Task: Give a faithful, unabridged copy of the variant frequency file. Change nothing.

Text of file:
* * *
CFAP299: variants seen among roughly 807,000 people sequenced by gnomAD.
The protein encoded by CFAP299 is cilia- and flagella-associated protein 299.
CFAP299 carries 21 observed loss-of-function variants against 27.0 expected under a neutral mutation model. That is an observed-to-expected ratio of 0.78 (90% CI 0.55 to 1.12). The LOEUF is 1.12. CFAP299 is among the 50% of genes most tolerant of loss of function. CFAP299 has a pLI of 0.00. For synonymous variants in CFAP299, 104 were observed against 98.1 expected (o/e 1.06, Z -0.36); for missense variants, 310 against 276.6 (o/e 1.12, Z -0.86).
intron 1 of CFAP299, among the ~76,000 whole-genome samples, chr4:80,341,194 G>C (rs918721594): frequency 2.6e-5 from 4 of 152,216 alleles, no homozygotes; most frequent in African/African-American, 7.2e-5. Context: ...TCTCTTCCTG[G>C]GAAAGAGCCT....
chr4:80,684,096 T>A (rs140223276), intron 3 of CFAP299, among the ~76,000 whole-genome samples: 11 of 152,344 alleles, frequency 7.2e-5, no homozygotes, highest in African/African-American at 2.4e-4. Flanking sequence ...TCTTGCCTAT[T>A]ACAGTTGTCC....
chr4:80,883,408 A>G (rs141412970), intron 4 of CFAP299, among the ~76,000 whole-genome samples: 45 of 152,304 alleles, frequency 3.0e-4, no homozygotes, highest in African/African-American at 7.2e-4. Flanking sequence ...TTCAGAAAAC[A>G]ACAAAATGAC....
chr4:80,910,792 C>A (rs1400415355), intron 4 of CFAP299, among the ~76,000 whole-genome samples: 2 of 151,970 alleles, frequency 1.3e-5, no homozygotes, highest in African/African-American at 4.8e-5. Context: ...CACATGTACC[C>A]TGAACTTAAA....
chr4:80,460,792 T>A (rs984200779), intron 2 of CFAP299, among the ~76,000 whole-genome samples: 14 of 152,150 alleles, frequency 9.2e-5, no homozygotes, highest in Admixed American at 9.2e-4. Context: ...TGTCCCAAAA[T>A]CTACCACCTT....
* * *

CFAP299: variants seen among roughly 807,000 people sequenced by gnomAD.
The protein encoded by CFAP299 is cilia- and flagella-associated protein 299.
CFAP299 carries 21 observed loss-of-function variants against 27.0 expected under a neutral mutation model. That is an observed-to-expected ratio of 0.78 (90% CI 0.55 to 1.12). The LOEUF is 1.12. CFAP299 is among the 50% of genes most tolerant of loss of function. CFAP299 has a pLI of 0.00. For synonymous variants in CFAP299, 104 were observed against 98.1 expected (o/e 1.06, Z -0.36); for missense variants, 310 against 276.6 (o/e 1.12, Z -0.86).
intron 1 of CFAP299, among the ~76,000 whole-genome samples, chr4:80,341,194 G>C (rs918721594): frequency 2.6e-5 from 4 of 152,216 alleles, no homozygotes; most frequent in African/African-American, 7.2e-5. Context: ...TCTCTTCCTG[G>C]GAAAGAGCCT....
chr4:80,684,096 T>A (rs140223276), intron 3 of CFAP299, among the ~76,000 whole-genome samples: 11 of 152,344 alleles, frequency 7.2e-5, no homozygotes, highest in African/African-American at 2.4e-4. Flanking sequence ...TCTTGCCTAT[T>A]ACAGTTGTCC....
chr4:80,883,408 A>G (rs141412970), intron 4 of CFAP299, among the ~76,000 whole-genome samples: 45 of 152,304 alleles, frequency 3.0e-4, no homozygotes, highest in African/African-American at 7.2e-4. Flanking sequence ...TTCAGAAAAC[A>G]ACAAAATGAC....
chr4:80,910,792 C>A (rs1400415355), intron 4 of CFAP299, among the ~76,000 whole-genome samples: 2 of 151,970 alleles, frequency 1.3e-5, no homozygotes, highest in African/African-American at 4.8e-5. Context: ...CACATGTACC[C>A]TGAACTTAAA....
chr4:80,460,792 T>A (rs984200779), intron 2 of CFAP299, among the ~76,000 whole-genome samples: 14 of 152,150 alleles, frequency 9.2e-5, no homozygotes, highest in Admixed American at 9.2e-4. Context: ...TGTCCCAAAA[T>A]CTACCACCTT....